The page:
Following QKD with the N user devices, the trusted authority stores the encryption keys K(i,j), key derivation keys L(i,j), and key authentication key M(i) for the N user devices, and each of the N user devices i stores the encryption keys K(i,j), key derivation keys L(i,j), and key authentication key M(i) for that user device i. Typically, the keys are stored in secure memory. For example, if there are five user devices, the trusted authority stores encryption keys and key derivation keys as follows.

K(i, j) i = 1 i = 2 i = 3 i = 4 i = 5
j = 1 k2,1 k3,1 k4,1 k5,1
j = 2 k1,2 k3,2 k4,2 k5,2
j = 3 k1,3 k2,3 k4,3 k5,3
j = 4 k1,4 k2,4 k3,4 k5,4
j = 5 k1,5 k2,5 k3,5 k4,5

L(i, j) i = 1 i = 2 i = 3 i = 4 i = 5
j = 1 l2,1 l3,1 l4,1 l5,1
j = 2 l1,2 l3,2 l4,2 l5,2
j = 3 l1,3 l2,3 l4,3 l5,3
j = 4 l1,4 l2,4 l3,4 l5,4
j = 5 l1,5 l2,5 l3,5 l4,5

And each user device i stores the encryption keys and key derivation keys from one of the columns of the tables.

Returning to FIG. 6, the trusted authority determines pair keys P(i,j) and key authentication values A(i,j). Each of the pair keys and each of the key authentication values is specific to pair-wise communication between a user device i and user device j. In the example implementations, the trusted authority computes the keys P(i,j) and key authentication values A(i, j) as follows:
P(i,j)=L(i,j)⊕K(j,i) for 1≦i,j≦N, and i≠j,
A(i,j)=H[K(j,i); M(i)] for 1≦i,j≦N, and i≠j,
where ⊕ indicates a bitwise XOR operation, and H[a; b] indicates a keyed hash function of input a with key b. For example, the keyed hash function H[a; b] is a keyed cryptographic hash function such as HMAC-SHA-256 (see FIPS 198 “The Keyed-Hash Message Authentication Code (HMAC)”) or other keyed hash function. Alternatively, the hash function H[ ] is another type of hash function that is not a keyed hash function. The pair keys and key authentication values can each have 256 bits or some other number of bits. The trusted authority can organize the pair keys and key authentication values as two look-up tables or with other data structures. For example, if there are five user devices, the trusted authority determines pair keys and key authentication values as follows from the encryption keys and key derivation keys shown above.

P(i, j) i = 1 i = 2 i = 3 i = 4 i = 5
j = 1 l2,1 ⊕ k1,2 l3,1 ⊕ k1,3 l4,1 ⊕ k1,4 l5,1 ⊕ k1,5
j = 2 l1,2 ⊕ k2,1 l3,2 ⊕ k2,3 l4,2 ⊕ k2,4 l5,2 ⊕ k2,5
j = 3 l1,3 ⊕ k3,1 l2,3 ⊕ k3,2 l4,3 ⊕ k3,4 l5,3 ⊕ k3,5
j = 4 l1,4 ⊕ k4,1 l2,4 ⊕ k4,2 l3,4 ⊕ k4,3 l5,4 ⊕ k4,5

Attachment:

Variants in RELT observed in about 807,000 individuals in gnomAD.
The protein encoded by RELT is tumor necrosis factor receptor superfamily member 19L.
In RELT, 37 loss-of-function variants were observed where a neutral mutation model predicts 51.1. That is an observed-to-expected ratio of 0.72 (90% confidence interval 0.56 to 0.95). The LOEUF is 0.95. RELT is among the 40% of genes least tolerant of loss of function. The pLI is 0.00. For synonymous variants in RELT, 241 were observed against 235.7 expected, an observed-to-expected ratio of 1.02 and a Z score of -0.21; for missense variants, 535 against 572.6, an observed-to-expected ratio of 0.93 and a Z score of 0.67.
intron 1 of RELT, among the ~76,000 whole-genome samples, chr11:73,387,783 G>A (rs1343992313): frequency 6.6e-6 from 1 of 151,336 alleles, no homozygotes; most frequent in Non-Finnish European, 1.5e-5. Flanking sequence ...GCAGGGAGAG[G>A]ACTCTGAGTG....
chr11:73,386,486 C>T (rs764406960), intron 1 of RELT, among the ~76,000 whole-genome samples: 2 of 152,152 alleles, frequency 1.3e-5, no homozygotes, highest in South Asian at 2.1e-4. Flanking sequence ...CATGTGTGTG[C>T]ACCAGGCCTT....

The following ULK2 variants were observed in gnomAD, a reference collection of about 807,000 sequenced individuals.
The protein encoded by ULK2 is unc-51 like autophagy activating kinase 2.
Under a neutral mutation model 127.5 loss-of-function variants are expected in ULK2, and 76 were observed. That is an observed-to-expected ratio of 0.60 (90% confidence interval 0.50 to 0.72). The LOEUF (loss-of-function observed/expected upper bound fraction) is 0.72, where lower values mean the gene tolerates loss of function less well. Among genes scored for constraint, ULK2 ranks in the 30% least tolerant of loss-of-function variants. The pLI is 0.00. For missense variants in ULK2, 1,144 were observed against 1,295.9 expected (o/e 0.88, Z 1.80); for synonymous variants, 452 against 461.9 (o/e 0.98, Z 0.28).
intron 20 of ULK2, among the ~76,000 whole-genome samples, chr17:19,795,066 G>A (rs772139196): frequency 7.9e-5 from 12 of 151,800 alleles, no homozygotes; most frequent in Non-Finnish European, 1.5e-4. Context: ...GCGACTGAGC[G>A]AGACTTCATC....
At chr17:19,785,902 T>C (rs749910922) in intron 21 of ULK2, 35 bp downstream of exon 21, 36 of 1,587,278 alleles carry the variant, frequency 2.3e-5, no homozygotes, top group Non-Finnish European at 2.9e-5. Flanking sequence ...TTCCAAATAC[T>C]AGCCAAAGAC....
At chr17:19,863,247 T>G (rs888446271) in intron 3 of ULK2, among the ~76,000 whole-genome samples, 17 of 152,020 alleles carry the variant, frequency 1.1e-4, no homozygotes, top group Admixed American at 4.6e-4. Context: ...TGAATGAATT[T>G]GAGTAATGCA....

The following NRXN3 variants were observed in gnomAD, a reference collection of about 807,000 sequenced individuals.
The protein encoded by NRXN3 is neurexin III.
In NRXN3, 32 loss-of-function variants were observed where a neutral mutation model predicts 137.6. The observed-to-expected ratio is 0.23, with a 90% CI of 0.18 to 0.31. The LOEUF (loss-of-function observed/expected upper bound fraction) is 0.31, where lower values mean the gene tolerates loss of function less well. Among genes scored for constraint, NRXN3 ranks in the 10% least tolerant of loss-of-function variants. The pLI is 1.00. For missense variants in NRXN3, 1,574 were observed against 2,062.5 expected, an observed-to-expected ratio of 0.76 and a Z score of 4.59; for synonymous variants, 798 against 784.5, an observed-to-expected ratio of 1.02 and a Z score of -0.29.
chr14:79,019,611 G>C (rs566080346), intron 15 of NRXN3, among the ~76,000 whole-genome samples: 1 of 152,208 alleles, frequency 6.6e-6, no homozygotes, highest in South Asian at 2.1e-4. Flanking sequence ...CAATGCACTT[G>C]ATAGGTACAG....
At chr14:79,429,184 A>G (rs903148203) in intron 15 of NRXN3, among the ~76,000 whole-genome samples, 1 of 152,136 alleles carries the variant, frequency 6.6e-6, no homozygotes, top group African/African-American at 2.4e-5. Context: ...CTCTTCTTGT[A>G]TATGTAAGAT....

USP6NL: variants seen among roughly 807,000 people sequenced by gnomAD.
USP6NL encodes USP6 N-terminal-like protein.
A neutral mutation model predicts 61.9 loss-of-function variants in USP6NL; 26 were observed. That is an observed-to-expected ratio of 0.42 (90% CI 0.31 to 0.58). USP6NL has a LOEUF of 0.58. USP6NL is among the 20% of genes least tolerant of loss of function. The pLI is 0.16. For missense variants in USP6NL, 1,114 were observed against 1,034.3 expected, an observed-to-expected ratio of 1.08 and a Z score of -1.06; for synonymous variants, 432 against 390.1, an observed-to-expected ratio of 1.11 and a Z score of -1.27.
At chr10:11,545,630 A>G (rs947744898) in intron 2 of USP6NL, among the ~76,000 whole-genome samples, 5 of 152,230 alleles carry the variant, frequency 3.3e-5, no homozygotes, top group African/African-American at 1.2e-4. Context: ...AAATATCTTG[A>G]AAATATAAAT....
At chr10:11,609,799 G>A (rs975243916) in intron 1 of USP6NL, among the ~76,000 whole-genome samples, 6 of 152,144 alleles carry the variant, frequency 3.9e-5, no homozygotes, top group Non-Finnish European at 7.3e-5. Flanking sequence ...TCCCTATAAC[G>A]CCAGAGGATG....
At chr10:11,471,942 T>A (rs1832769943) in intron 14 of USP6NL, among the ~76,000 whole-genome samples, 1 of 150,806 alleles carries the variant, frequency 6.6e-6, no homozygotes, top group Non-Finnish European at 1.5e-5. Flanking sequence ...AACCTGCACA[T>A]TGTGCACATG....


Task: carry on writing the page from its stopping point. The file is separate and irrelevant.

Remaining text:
j = 5 l1,5 ⊕ k5,1 l2,5 ⊕ k5,2 l3,5 ⊕ k5,3 l4,5 ⊕ k5,4

A(i, j) i = 1 i = 2 i = 3 i = 4 i = 5
j = 1 H[k1,2; M(2)] H[k1,3; M(3)] H[k1,4; M(4)] H[k1,5; M(5)]
j = 2 H[k2,1; M(1)] H[k2,3; M(3)] H[k2,4; M(4)] H[k2,5; M(5)]
j = 3 H[k3,1; M(1)] H[k3,2; M(2)] H[k3,4; M(4)] H[k3,5; M(5)]
j = 4 H[k4,1; M(1)] H[k4,2; M(2)] H[k4,3; M(3)] H[k4,5; M(5)]
j = 5 H[k5,1; M(1)] H[k5,2; M(2)] H[k5,3; M(3)] H[k5,4; M(4)]

The pair keys P(i,j) and key authentication values A(i,j) need not be kept secret. Generally, the trusted authority makes the pair keys P(i,j) and key authentication values A(i,j) available for distribution to the respective user devices over a non-secure network such as a public network. A given user device i retrieves the pair keys P(i,j) and key authentication values A(i,j) that it uses. For example, the first user device of FIG. 6 retrieves the pair keys P(1,j) and key authentication values A(1, j) specific to the first user device. The user devices can retrieve and store the pair keys and key authentication values for use during later communication between user devices even if the trusted authority is offline. Or, if the trusted authority is online during later communication between user devices, a user device i can retrieve the pair keys and key authentication values for the device i at the time of communication, or it can retrieve only the key and authentication value specific to communication from user device i to user device j from the online trusted authority.

As explained in WO 2012/044855, from his key derivation key L(i,j) and from a pair key P(i,j) provided by the trusted authority, a user device i can derive the encryption key K(j, i) that another user device j uses in communication with the user device i. From his key authentication key M(i) and the key authentication value A(i,j) provided by the trusted authority, the user device i can verify that the encryption key K(j, i) is authentic. The user device j can similarly derive and authenticate the encryption key K(i,j) of the user device i. Using one or both of the encryption keys, the two user devices can establish one or more shared secret session keys for communications between them.

Because the encryption keys and key derivation keys are generated by QKD, they are independent and do not depend on any pre-placed secret. As such, the protocol (600) shown in FIG. 6 provides strong forward security that is superior to conventional protocols for multi-party communication. Furthermore, fresh encryption keys and key derivation keys can be generated in future QKD sessions between user devices and the trusted authority. Moreover, additional users can be added to the communication network by the trusted authority. For this purpose, the trusted authority can assign extra encryption keys and key derivation keys for a given user device i for use with to-be-determined new user devices, distribute encryption keys and key derivation keys by QKD with a new user device when the new user device is added, and update the pair keys and key authentication values for distribution.